DILWORTH, Minn. — I was wearing a mask when I recently entered the Silver Spike Bar & Grill.
It was two days after the sudden falling of the Minnesota mask mandate, and I had missed the memo. Just three days earlier I forgot my mask in my back pocket after entering Menards. Even those with the nerve to undertake home plumbing projects were horrified. And here I was facing odd looks from the brazenly maskless.
Whatever chemical reaction that is said to cause shame, remorse and regret is badly in need of recalibration. My first thought is that it’s bingo night and perhaps bingo, inherently risky and appealing to thrill-seekers, simply attracts those wanting to live dangerously.
But, no. It’s nearly 48 hours after Gov. Tim Walz lifted mask mandates in Minnesota, and it’s time to cut loose and pound that bingo dauber down. There is nothing between catching one’s breath at the single untouched 14 under the B and the card itself but the air.
In Germany, there are sections of public parks and beaches that are often set aside as clothing optional when, in fact, those wearing clothes may well be the ones who feel out of place. It feels a little like that, wearing a mask in a sports bar in Minnesota. Everyone recognizes that you are probably one of those who is behind the curve and slow to catch up, but you do need to get back on the pony eventually.
North Dakotans are used to the ebb and flow of mask politics, even to the point of legislative vetoes and overrides. They know they are likely to encounter the odd libertarian who demands freedom or death and, in a pandemic, is willing to come close to the latter in pursuit of the former.
But Minnesotans, even as far west as Dilworth, tend to be rule-followers. East of St. Cloud, you wouldn’t see a maskless face except behind the barn where they’re smoking cigars they lifted from grandpa’s barn coat.
The Silver Spike is a nice place as sports bars go. High ceilings, some brick and neon, a rolling barn door and acres of television screens give a kind of clean, modern feel with a touch of contrived nostalgia. Not too dark or too bright.
Nacho’s ($14.99) are a good starter because they celebrate the communal, although sharing a plate still seems a little bit too intimate. The menu is enormous with standard bar food and a foot in the steakhouse world with ribs, steaks and seafood.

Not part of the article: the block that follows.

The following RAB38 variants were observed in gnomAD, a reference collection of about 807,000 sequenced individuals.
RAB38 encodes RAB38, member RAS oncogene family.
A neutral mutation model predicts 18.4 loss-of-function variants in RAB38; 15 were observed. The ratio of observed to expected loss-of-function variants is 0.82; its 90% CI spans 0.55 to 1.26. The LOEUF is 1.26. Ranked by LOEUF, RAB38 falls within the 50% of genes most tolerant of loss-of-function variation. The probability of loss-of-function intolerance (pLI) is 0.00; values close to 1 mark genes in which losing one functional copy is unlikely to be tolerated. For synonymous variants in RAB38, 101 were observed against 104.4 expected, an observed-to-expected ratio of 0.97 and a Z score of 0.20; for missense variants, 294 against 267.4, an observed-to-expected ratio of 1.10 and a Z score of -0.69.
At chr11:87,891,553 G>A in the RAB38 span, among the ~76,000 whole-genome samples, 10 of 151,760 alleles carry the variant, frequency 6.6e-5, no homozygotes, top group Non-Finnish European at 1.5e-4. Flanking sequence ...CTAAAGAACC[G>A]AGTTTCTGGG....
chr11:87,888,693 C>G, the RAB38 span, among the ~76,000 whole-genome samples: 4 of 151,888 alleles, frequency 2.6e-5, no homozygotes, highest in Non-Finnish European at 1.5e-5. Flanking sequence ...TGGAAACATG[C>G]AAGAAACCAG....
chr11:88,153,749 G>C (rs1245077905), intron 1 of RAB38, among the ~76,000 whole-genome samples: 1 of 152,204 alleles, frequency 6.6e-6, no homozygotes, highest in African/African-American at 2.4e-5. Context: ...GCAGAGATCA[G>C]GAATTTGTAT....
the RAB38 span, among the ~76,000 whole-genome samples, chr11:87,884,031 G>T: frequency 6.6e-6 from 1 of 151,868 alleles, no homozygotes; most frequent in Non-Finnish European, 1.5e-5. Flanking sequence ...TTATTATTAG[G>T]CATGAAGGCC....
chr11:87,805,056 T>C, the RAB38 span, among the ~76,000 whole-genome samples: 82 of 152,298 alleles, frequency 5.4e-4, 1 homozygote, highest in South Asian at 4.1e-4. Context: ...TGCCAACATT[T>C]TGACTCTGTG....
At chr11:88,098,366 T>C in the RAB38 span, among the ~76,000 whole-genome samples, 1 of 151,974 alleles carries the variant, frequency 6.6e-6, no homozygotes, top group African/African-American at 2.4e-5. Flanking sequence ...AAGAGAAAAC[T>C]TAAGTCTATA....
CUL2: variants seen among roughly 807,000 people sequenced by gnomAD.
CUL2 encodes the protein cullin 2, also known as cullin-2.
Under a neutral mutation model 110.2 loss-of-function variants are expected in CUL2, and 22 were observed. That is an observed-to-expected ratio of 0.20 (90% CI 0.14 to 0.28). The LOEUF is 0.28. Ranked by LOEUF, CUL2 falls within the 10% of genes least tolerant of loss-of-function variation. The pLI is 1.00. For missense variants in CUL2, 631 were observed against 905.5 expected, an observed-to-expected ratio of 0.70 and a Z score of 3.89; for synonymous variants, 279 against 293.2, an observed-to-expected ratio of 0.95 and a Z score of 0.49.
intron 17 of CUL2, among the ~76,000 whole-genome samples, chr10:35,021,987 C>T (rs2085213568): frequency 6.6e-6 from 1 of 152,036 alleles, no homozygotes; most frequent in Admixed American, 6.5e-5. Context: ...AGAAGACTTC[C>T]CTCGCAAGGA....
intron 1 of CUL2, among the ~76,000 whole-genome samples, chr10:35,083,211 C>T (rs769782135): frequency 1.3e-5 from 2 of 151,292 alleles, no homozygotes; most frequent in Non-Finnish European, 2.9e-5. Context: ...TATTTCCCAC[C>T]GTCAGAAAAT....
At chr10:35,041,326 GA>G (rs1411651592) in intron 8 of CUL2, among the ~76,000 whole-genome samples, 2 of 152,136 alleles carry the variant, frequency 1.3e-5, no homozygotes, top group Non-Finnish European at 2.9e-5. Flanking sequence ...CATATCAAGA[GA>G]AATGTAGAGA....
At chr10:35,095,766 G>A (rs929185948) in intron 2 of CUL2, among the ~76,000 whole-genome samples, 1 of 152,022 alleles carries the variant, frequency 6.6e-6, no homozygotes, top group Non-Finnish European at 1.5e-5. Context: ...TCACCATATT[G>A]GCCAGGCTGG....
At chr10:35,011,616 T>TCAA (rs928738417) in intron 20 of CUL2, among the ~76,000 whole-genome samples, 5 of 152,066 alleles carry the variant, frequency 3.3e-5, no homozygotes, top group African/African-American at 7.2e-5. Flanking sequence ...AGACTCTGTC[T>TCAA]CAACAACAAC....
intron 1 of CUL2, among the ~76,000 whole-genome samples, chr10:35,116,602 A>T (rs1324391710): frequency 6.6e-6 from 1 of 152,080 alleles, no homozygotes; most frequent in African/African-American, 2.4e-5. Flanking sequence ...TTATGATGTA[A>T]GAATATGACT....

There are some unique creations on the menu that are worth considering. A heart-stopping poutine burger ($12.99) stretches the Québécois dish of fries and gravy beyond its cultural limits, but it’s a nice diversion from a typical bar built burger.
Perhaps one of the more interesting offerings is the bratwurst made locally in Dilworth. Truly an extraordinary brat with a crisp snap at the skin and clean flavor. At a very reasonable price ($8.99), it’s among the best brats you’ll find in Fargo or Moorhead — and, in the summer months, that’s a pretty large field.
Silver Spike opened in September 2020 and was forced to temporarily close in November due to Minnesota coronavirus-related restrictions on bars and restaurants. It may take a little time to get up on its feet again after a long period of uncertainty. The kitchen was slow but, in this near-post pandemic window of time where restaurants are struggling to return to full staff, full menu and full function, it may well be time to celebrate, and support, the survivors.
Across the valley, and just in time for summer, dining out is becoming less at your peril and more at your pleasure. A “normal” once again new.
Silver Spike Bar & Grill
Address: 314 15th St. NE, Dilworth, Minn.
Cuisine: Sports bar
Hours: 11 a.m. to 2 a.m. daily (kitchen is open 11 a.m. to 10 p.m. Sunday to Thursday and 11 a.m. to 11 p.m. Friday and Saturday)
Eric Daeuber is an instructor at Minnesota State Community and Technical College. Readers can reach him at firstname.lastname@example.org.